Home Editorial What America’s parishes need: More hunger for Jesus

Editorial

What America’s parishes need: More hunger for Jesus Print E-mail
Friday, 15 March 2013 12:56

Remember that joke from years ago about the little boy who was asked to list the four men associated with the gospels? The teacher says, “Bobby, can you name the four evangelists?” “Sure,” says Bobby. “Matthew, Mark, Luke and Bingo.”

 

 

It’s a good laugh. But there’s a bit of truth in there, too. It does seem at times as if many Catholics have more interest in bingo, pancake breakfasts, fish dinners and the parish festival than in deepening their relationship with Jesus Christ.

 

One sees this phenomenon clearly when passing a parish parking lot filled with dozens of cars on a bingo night,  while only a relative handful of folks show up for the riches of Evening Prayer, a parish mission, a Bible study or a speaker on some aspect of the Faith. One sees it again when observing that some people are more than generous with their time and talent in helping at parish events, but rarely show up to take in a session on Scripture, the sacraments or Church history.

 

The unfortunate truth about large numbers of America’s Catholics is that they are baptized but not fully catechized; they may call themselves Catholic and may even sincerely think of themselves as Catholic, but they have little or no understanding of what the Church believes or teaches. More unfortunate still, many have next to no real relationship with Jesus Christ, the founder of our Faith and the entire reason parish communities exist in the first place. Christ is indeed the raison d’etre, the very foundation of the Faith we profess, but too many among us never make that connection in any meaningful way.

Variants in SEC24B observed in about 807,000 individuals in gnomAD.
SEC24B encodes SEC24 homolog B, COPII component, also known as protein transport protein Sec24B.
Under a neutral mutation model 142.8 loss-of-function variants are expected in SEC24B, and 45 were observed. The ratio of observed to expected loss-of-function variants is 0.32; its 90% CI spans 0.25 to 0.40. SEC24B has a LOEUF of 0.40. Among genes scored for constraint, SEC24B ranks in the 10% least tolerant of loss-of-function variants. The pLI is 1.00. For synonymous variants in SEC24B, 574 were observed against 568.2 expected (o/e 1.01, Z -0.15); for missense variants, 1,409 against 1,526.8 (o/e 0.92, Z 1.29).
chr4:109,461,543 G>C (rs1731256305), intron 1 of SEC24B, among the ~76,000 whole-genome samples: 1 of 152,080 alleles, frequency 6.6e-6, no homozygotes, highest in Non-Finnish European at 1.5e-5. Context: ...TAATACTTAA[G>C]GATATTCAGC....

There are, to be sure, notable exceptions in every parish. Such folks always stand out – we know who they are, though they never advertise their holiness – because they so clearly have reached a depth of spiritual awareness that eludes the majority of those around them.

 

All of which is not to denigrate bingo, which provides critical support for many of America’s parishes where a genuine understanding of biblical stewardship – giving your first fruits back to God – has not been fully grasped in the pews. Pancake breakfasts and fish dinners, likewise, serve as both important fundraisers and an excellent way to bring parish communities together in service and fellowship. Ditto for assorted other parish functions such as picnics, festivals and more.

 

But all of this ultimately matters little if the same parishioners who are involved in all of these important endeavors do not seek to deepen their understanding of the Lord of Life. Without that understanding, without that hunger to get to know and love Jesus Christ, without a desire to evangelize those around us with hearts on fire, we are little more than a humanistic gathering filled with good intentions. We could, sad to say, be doing most of these same activities were we but believers in Zoroastrianism or Rastafarianism or, indeed, believers in no creed at all.

 

If we fail to see these activities as only one aspect of a faith that calls and challenges us to do greater things than what the Lord himself accomplished, no amount of service to our parishes, no matter how well-intentioned, will make much difference in the end.

 

— Lou Jacquet/Editor

 
 

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